|Publication number||US6485519 B2|
|Application number||US 09/771,061|
|Publication date||Nov 26, 2002|
|Filing date||Jan 29, 2001|
|Priority date||Jan 29, 2001|
|Also published as||CA2367652A1, CA2367652C, EP1226800A2, EP1226800A3, EP1226800B1, EP1447060A2, EP1447060A3, EP1447060B1, EP2272468A2, EP2272468A3, EP2272468B1, EP2272469A2, EP2272469A3, EP2272469B1, US20020103541, USRE44476|
|Publication number||09771061, 771061, US 6485519 B2, US 6485519B2, US-B2-6485519, US6485519 B2, US6485519B2|
|Inventors||John E. Meyers, G. Douglas Letson, Russell Windsor, Vincent A. Webster, Bill N. Sisk, Bill H. Haywood, Adam Griner, Michael Cook, Rodney L. Bays, Jerry L. Aikins, Marvin Figueroa|
|Original Assignee||Bristol-Myers Squibb Company|
|Export Citation||BiBTeX, EndNote, RefMan|
|Patent Citations (78), Referenced by (54), Classifications (9), Legal Events (10)|
|External Links: USPTO, USPTO Assignment, Espacenet|
1. Field of the Invention
The present invention relates to prosthetic joints, and, more particularly to a constrained prosthetic knee having a modular hinge post and a rotating bearing.
2. Description of the Related Art
Generally, the knee is formed by the pair of condyles at the distal portion of the femur, the lower surfaces of which bear upon the correspondingly shaped proximal surface plateau of the tibia. The femur and tibia are connected by means of ligaments such as, the posterior cruciate ligament, the lateral collateral ligament, the medial collateral ligament, and the anterior cruciate ligament. These ligaments provide stability to the joint formed by the femur and tibia (i.e., the knee).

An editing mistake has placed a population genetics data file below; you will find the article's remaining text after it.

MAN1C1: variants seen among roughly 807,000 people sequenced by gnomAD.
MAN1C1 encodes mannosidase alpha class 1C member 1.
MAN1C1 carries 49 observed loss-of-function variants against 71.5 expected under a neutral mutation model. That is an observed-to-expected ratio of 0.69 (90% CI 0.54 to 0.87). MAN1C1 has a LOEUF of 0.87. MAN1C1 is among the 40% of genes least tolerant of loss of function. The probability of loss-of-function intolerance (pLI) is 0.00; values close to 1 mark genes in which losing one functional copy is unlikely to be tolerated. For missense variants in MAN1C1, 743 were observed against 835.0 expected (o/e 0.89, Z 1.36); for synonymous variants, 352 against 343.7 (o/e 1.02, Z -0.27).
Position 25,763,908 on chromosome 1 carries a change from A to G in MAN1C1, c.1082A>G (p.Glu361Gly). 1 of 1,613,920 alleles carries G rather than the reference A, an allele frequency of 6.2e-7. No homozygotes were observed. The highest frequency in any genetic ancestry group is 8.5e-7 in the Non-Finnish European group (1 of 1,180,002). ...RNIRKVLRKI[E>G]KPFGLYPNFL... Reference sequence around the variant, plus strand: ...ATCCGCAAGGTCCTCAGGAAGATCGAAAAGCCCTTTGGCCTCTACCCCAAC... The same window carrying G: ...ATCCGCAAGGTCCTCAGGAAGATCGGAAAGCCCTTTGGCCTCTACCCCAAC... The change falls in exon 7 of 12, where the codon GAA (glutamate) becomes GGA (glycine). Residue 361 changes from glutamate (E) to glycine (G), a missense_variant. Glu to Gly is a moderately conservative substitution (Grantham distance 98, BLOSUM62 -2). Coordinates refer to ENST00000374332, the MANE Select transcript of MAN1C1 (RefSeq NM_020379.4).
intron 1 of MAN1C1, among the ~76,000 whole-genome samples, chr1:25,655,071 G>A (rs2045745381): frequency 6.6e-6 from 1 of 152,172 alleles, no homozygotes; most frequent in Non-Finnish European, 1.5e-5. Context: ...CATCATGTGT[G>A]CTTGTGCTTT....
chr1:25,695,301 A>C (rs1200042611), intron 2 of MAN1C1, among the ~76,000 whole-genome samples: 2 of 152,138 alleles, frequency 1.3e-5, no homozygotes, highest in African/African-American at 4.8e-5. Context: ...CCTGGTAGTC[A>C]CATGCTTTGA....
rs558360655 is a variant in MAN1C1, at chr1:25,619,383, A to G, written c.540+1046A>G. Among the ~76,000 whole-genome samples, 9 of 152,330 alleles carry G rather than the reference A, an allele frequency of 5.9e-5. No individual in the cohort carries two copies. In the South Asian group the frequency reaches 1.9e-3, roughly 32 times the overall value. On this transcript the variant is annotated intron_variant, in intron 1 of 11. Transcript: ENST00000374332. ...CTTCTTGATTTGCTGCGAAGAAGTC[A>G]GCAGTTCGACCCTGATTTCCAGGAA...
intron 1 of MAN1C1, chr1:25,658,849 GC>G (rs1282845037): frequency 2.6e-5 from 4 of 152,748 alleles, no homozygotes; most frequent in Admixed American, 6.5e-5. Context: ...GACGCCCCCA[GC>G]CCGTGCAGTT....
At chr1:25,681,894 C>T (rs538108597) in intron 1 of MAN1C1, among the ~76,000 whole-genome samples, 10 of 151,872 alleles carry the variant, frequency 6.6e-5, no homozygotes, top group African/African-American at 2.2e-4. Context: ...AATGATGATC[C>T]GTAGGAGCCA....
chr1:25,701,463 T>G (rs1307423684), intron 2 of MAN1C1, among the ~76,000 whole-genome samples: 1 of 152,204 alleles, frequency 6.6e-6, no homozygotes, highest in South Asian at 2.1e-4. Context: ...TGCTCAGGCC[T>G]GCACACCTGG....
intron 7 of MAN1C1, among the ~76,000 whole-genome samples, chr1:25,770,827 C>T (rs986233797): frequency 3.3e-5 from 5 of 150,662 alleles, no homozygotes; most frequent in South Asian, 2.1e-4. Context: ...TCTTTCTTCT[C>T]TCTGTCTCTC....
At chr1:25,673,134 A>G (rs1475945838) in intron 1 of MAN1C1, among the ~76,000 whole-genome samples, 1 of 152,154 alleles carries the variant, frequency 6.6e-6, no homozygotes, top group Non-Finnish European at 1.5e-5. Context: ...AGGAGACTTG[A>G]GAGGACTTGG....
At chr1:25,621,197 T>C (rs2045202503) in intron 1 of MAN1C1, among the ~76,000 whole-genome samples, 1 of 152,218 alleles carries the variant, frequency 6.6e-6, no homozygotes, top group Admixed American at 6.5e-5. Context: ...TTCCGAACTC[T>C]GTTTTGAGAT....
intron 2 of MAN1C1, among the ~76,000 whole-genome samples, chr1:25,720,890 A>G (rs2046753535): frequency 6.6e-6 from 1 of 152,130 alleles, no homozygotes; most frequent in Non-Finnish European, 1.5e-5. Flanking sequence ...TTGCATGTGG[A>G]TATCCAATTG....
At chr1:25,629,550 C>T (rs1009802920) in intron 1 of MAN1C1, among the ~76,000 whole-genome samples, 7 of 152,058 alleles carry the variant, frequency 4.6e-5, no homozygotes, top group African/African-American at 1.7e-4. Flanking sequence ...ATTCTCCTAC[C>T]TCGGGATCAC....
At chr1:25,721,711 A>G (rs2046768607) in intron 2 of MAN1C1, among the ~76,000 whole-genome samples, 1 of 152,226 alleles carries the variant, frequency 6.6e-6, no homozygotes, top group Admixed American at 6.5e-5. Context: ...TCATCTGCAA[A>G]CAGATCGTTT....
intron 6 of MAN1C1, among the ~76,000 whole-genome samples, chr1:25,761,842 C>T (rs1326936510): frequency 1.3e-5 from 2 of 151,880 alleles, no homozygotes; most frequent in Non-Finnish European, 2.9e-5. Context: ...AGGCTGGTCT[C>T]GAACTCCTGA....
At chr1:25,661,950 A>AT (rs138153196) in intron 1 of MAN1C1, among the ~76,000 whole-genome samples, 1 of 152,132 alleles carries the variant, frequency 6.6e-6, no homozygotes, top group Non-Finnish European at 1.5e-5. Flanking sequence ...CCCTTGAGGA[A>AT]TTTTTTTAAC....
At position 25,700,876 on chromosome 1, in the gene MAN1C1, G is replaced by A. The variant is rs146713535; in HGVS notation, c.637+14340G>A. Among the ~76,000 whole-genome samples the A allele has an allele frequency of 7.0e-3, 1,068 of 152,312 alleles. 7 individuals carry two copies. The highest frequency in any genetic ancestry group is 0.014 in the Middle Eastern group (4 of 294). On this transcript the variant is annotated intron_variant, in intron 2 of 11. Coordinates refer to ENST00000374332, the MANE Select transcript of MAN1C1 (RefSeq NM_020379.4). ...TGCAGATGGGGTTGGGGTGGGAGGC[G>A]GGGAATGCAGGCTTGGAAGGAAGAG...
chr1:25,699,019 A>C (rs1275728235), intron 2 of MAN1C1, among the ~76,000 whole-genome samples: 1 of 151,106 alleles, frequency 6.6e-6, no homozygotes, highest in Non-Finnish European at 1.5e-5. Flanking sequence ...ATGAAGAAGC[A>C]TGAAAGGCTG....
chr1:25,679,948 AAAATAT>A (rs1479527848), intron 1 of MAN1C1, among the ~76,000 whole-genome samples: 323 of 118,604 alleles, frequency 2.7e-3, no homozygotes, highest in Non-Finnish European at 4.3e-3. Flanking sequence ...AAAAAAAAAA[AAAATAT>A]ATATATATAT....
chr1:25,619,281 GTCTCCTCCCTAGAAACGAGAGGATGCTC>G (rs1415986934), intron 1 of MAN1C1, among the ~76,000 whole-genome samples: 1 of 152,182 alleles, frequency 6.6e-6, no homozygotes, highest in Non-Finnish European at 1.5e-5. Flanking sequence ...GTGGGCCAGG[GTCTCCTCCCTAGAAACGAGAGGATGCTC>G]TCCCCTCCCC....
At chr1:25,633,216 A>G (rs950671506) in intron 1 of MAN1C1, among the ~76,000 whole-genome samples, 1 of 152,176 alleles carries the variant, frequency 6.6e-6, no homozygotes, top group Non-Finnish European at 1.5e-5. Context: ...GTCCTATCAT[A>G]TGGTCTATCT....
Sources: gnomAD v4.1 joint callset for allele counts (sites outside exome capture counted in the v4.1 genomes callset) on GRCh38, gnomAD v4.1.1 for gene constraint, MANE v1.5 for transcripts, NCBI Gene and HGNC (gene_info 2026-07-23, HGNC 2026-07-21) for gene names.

In a broad sense, prosthetic knee joints can be considered either constrained or unconstrained. For the purposes of this discussion, constrained prosthetic knees include femoral and tibial prosthetic components which are mechanically linked or constrained to each other by a hinge structure. An unconstrained prosthetic knee includes femoral and tibial components which are not mechanically linked. An unconstrained knee utilizes the patient's existing ligaments to provide joint stability. With this in mind, constrained prosthetic knees have particular applicability to cases in which a patient has experienced ligament loss and/or the existing ligaments do not provide adequate support and stability to the knee.
Tibial components of a prosthetic knee can be formed as a one-piece configuration in which the tibial tray forms the meniscal component of the prosthetic knee. Various other prosthetic knees utilize a modular meniscal component separate from the tibial component. Devices utilizing modular meniscal components include those in which the meniscal component (i.e., tibial bearing surface) is fixed to the tibial tray portion of the tibial component and is incapable of movement relative thereto. Alternative devices utilize a modular meniscal component capable of movement relative to the tibial tray. Devices in which relative rotational movement occurs between the meniscal component and the tibial component are typically referred to as rotating bearing knees. Rotating bearing knees thus allow movement between the bearing (i.e., meniscal component) and the tibial tray, as well as movement between the femoral component and the tibial bearing.